For Seminarians and Clergy

Seminarians and clergy are often unprepared to provide spiritual care to individuals with chronic disease and/or nearing the end of life because this training is largely missing from seminary education.

Research evidence:

  • From clergy
    • Although 94 percent of clergy report making visits to people at the end of life, only 60 percent are very comfortable making these visits. (Source: “Questions and Answers about Americans’ Religion,” Gallup 2007)
    • Two out of three clergy indicate a desire to receive and provide education around to tend to the seriously ill or dying. (Source: Duke Institute on Care at the End-of-Life survey, 2007)
  • From those they serve
    • 83 percent of survey respondents indicated that their faith would be most important to them in facing long-term illness and end of life. (Source: Faith & Health Care, Transforming Lives and Communities through Health and Wellness – One Person at a Time, Henry Ford Health System, 2012)
    • Almost 70 percent of patients felt their spiritual leaders were not prepared at all or very little to help them face the practical issues surrounding death. (Source: Ibid)
    • 72 percent of patients said their spiritual needs were minimally or not at all supported by the medical system even though spiritual support was highly associated with quality of life. (Source: Ibid)
    • 42 percent of those facing life terminating illness report little or no support of spiritual needs from their religious community. (Source: Balboni TA 2007, 25.555ff).

We can help! provides pastoral education that is specially geared to meet the needs of seminarians, clergy and community lay leaders. offers Clinical Pastoral Education (CPE) built around convenience and accessibility. With, you can obtain much of your training online—from wherever you are. Enrolling in one or more of our CPE units that focus on the needs of seminarians, clergy, and community lay leaders will provide you with an opportunity to learn conceptual understandings based on the behavioral sciences, as well as gain hands-on experience engaging individuals in need of spiritual care, relevant to your ministerial work.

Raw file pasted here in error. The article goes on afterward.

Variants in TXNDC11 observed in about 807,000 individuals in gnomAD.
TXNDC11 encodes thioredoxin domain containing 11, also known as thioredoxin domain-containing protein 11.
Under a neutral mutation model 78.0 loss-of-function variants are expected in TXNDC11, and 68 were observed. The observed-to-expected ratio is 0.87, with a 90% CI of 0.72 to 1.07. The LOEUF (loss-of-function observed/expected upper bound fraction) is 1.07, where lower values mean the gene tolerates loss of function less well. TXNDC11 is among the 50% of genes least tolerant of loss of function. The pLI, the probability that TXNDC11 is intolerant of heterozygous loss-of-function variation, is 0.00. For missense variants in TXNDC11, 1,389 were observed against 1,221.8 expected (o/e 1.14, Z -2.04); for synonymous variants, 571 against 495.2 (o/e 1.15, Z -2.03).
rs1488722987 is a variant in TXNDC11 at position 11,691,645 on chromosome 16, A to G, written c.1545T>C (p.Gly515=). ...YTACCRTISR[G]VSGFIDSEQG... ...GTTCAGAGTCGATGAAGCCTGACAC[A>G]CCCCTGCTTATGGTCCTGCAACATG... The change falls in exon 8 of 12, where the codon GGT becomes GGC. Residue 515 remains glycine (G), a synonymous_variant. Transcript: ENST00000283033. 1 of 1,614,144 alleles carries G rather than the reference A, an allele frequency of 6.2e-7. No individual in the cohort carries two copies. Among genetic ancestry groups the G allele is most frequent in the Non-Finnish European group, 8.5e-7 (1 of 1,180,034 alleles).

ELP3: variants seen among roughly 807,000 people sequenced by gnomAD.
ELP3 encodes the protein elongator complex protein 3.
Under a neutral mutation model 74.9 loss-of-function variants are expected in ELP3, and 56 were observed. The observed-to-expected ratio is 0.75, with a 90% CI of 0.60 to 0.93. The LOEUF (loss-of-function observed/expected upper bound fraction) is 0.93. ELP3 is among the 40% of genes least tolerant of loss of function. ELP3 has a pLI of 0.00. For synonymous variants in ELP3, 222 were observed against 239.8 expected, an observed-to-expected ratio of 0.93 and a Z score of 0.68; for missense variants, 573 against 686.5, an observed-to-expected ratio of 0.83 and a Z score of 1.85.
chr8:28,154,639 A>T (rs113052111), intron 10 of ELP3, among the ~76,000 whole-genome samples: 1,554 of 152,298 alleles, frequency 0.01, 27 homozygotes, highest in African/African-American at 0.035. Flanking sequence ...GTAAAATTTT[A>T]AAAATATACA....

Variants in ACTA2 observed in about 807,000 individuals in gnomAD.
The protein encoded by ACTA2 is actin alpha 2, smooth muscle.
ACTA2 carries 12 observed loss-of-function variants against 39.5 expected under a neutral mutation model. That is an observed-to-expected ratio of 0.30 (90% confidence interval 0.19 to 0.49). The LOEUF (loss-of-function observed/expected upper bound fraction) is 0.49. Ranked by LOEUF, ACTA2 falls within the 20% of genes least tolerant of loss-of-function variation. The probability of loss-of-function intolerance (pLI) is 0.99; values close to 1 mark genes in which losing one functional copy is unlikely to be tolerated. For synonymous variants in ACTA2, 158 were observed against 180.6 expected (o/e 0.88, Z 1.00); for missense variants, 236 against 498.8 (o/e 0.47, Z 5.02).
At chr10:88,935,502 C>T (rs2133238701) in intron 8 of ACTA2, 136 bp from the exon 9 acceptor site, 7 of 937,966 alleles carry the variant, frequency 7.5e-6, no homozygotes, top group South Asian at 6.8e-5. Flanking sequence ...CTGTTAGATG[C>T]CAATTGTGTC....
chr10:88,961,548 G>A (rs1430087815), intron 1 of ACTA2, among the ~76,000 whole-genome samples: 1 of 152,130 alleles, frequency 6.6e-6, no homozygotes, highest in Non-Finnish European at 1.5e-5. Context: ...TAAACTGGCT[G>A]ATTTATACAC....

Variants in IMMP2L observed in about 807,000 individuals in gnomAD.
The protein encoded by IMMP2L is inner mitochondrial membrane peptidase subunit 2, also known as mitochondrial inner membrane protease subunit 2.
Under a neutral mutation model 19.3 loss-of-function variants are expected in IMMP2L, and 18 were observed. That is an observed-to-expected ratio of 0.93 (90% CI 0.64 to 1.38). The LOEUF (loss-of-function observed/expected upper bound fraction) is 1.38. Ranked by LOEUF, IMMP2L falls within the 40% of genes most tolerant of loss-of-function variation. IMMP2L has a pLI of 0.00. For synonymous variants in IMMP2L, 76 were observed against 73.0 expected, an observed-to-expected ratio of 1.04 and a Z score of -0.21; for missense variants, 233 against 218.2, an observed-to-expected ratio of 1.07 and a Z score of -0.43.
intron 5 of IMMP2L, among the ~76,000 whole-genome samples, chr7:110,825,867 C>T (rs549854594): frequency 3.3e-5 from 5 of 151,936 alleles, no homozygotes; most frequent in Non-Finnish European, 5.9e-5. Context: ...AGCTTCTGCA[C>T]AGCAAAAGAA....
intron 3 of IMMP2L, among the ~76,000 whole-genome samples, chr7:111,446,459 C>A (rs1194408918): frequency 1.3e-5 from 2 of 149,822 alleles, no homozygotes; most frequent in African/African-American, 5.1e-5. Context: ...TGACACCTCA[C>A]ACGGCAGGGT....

As a student, you will fulfill your educational hours online through Interactive Distance Learning courses and live video conferencing, and obtain your required clinical spiritual care hours on site at a designated location. For example, a house of worship can be a site for clinical training; this will enable some students to take a unit while simultaneously serving their parish or congregation. units for seminarians, clergy, and community lay leaders include:

  • Interactive Distance Learning online courses specifically addressing the needs of seminarians, clergy, and community lay leaders, such as
    • Powerful Communication Techniques
    • More Than Listening: Counseling Skills
    • Living With Heartbreak: Working With Grief
    • The Challenge of Memory: Alzheimer's and other Dementias
    • Far Too Soon: The Anguish of Perinatal Loss
    • When It's Time to Say Goodbye: End of Life and Palliative Care
  • Student presentations of case studies (“verbatims”) to hone your active listening skills
  • Theological reflections as related to spiritual care
  • Group processing time to provide support and emotional awareness
  • Group dynamics as a tool to understand how groups and systems function in parish settings
  • Time regularly set aside for individual consultation with the supervisor to explore aspects of ministry relating to spiritual care for clergy
  • On-site clinical training, with the ability to use your own house of worship to fulfill the required clinical hours.

Please indicate in your application that you would like to enroll in the unit for seminarians, clergy, and community lay leaders.

With the appropriate training, you will be able to make major contributions to the health care system, primarily contributing to the welfare of your congregants and ensuring they receive the care that is consistent with their values and beliefs. You will be able to become true members of the health care team across the continuum of care—a vital need especially as we witness the value of spiritual care increasing in health care and other settings.

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